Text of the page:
• Tolrajas
Started with her latest book "The Divers Clothes Lie Empty" and I'm hooked on this author.
  • Zeueli
Ellis, a college student, is held at gunpoint in a public park by a man who claims he doesn't want to die alone. It's a beginning that few readers can resist, made all the more interesting by Ellis's response: she distracts the gunman from his deadly plans by babbling about whatever comes to mind--art, poetry, etc. He appears baffled not by her reaction, but by the poetry she recites. He runs off, leaving her unharmed but in shock. The remaining 200 pages describes how she deals with (or rather, doesn't deal with) her ordeal: her father returns after abandoning his family years earlier, Ellis has a number of bland sexual encounters with a handful of equally unremarkable men, while the gunman's shadow lurks in the background. How will her brush with death affect how she interacts with her father? With the men she dates? Vida's story is so rich with possibility, yet she fails to bring anything to a satisfactory conclusion. Undeveloped subplots and a flimsy cast of two-dimensional characters drag the pacing to a crawl. The ending of this forgettable tale, which climaxes with Ellis's second and final confrontation with the gunman, is beyond disappointing. While a regrettable case of first-novel syndrome might be offered as an excuse for this novel's resulting flop, I can only really recommend it to those who are intrigued by Vida's work after seeing the movie Away We Go, which she co-wrote with her husband, Dave Eggers.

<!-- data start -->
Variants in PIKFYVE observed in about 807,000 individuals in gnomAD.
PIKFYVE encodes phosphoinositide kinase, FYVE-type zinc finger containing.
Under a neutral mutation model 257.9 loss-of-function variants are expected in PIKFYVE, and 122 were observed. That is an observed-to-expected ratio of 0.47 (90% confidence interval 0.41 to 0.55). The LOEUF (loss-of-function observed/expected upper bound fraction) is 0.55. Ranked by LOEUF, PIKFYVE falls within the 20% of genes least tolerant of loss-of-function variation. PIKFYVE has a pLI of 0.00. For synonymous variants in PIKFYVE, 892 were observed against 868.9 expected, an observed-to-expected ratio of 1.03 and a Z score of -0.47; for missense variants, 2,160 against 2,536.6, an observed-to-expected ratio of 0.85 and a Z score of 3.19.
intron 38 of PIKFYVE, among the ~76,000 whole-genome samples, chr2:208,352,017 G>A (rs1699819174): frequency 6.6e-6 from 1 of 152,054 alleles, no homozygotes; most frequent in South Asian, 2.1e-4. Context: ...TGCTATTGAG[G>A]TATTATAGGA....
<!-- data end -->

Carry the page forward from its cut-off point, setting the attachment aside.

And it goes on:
• Prinna
Various reviewers scorn and despise this…because nothing of importance happens after the first unscary crisis where MC is threatened in the Park by a rather sweet unhappy man with a gun and finds she can calm him by reciting poems. Then is made what I think is the major wrong turn and misunderstanding of the story: this episode in the park has a Beginning, Middle and End. Man accosts and threatens, MC copes with it successfully, seeing the essential helplessness and haplessness of this Everyman/Perp and the recitation of poetry acknowledges this. Essentially she forgives him with that choice, she “sees” him which is part of every act of forgiveness if it is authentic. He runs off free to live the second chance she has given him. It is quite lovely. Story over.